Updated: Mar 10
This October, I spent the good part of 12 days taking photos in Morocco. The trip took me to Chefchaouen, Fez, Casablanca, Essaouira and finally Marrakech. The most asked question upon my return has been “which location did you enjoy the most”? A simple but difficult question to answer.
As a photographic experience, I would have to weigh the availability of desirable and unique subjects (landscapes, cityscapes, street scenes, portraits) against the general receptivity of the local community (more on this complex subject in a moment). I guess my best response is that I enjoyed the diversity and challenge of the numerous locations visited.
Major impressions included the significant number of iconic sites, a great deal of dust and a community maybe tired and suspect of photographers. Without a local representative (someone who speaks the language), this could be an uncomfortable location to do street and portrait photography. The tired comment refers to what many locals see as an impolite infringement of their rights by folks frequently taking photos serendipitously and without their permission. I remember a young boy, not much older than 3 years old running down the street towards me, noticing my relatively large Phase One IQ4 with a Schneider Kreuznach lens, shaking his finger while yelling “no photo, no photo”. He clearly was mimicking the gestures offered by many adults during my visit.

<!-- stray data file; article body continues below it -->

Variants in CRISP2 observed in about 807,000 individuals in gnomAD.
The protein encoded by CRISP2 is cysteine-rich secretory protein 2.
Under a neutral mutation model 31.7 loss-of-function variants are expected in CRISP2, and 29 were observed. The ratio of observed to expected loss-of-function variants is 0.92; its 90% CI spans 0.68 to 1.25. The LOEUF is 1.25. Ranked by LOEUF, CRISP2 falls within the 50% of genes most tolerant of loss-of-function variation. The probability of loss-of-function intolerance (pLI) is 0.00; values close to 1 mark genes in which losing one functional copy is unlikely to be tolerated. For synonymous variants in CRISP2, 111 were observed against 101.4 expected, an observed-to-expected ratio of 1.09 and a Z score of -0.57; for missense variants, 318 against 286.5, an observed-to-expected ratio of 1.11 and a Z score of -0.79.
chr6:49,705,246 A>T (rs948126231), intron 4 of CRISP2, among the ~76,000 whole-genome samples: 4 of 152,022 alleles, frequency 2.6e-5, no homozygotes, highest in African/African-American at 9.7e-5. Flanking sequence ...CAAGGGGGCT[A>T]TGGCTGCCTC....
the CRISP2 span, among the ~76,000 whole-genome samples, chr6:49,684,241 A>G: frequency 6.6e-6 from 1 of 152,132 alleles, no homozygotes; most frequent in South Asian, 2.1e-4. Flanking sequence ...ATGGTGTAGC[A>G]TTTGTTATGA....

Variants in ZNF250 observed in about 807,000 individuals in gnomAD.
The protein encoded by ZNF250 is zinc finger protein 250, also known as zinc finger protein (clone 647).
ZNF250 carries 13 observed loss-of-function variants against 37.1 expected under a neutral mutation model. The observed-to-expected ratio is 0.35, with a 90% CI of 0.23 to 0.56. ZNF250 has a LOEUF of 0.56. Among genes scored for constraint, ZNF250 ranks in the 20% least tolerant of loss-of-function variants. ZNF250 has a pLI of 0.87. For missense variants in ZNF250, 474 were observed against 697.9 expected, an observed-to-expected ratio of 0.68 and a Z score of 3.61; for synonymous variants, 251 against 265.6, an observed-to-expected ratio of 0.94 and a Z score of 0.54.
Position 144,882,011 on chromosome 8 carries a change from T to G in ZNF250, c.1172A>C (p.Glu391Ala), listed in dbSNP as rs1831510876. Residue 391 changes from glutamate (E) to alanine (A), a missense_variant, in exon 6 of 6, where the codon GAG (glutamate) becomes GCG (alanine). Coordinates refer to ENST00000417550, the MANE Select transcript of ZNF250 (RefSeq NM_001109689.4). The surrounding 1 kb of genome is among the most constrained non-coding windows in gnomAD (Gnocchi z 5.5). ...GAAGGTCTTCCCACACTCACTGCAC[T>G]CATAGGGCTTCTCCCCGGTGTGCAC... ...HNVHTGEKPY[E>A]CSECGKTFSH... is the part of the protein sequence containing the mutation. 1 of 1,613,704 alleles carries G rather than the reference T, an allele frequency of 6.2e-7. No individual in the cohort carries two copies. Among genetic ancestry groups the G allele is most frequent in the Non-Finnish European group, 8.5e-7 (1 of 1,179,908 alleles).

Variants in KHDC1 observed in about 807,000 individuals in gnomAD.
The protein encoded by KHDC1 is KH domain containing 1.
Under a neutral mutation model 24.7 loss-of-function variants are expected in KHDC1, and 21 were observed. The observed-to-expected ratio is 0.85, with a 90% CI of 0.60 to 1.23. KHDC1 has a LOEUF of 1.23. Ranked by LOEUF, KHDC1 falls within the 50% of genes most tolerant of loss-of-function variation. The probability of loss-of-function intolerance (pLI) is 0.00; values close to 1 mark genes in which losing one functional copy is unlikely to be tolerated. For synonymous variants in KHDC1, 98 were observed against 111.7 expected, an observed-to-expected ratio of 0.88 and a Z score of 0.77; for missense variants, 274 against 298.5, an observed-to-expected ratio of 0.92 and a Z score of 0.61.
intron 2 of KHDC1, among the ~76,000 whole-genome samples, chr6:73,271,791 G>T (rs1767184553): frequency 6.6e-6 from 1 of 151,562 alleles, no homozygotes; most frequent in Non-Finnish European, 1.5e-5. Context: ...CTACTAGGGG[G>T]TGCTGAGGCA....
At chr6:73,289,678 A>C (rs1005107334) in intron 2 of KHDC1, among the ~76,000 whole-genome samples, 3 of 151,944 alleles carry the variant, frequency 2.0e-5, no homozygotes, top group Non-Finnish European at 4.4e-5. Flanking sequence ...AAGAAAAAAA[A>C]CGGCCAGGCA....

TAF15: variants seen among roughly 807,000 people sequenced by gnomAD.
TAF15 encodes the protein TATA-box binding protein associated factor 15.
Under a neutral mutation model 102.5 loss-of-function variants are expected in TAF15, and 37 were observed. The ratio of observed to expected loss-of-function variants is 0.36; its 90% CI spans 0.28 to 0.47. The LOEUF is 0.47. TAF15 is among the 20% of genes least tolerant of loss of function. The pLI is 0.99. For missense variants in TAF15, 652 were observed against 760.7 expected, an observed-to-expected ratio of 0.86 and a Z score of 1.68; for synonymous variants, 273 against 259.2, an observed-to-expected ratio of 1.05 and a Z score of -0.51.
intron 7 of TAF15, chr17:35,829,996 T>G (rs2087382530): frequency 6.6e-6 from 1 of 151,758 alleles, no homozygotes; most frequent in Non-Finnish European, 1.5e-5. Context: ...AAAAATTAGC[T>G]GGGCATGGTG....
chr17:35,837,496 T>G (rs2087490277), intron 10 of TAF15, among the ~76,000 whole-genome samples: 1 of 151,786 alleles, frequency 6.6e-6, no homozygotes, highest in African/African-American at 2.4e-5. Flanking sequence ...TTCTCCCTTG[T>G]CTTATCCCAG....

Honestly, from what I observed, the reaction was somewhat deserved given the general insensitivity to cultural norms by many of the tourists (admittedly, including myself at the start). It became very clear to me that the normal way of shooting street photography was not appropriate for Morocco. I quickly realized this and tried to accommodate a more engaging and respectful posture that was based on dialoging and permission, utilizing the services of someone speaking their language. Even this approach did not totally or at times significantly reduce the social tension. So, bottom line, be prepared to be patient, engaging and respectful to local tradition. Also be prepared in the majority of the cases to be denied and maybe in too many cases totally dismissed with disdain. Well, enough of the social environment, on to some of the photos taken in these diverse and challenging locations and the stories behind them.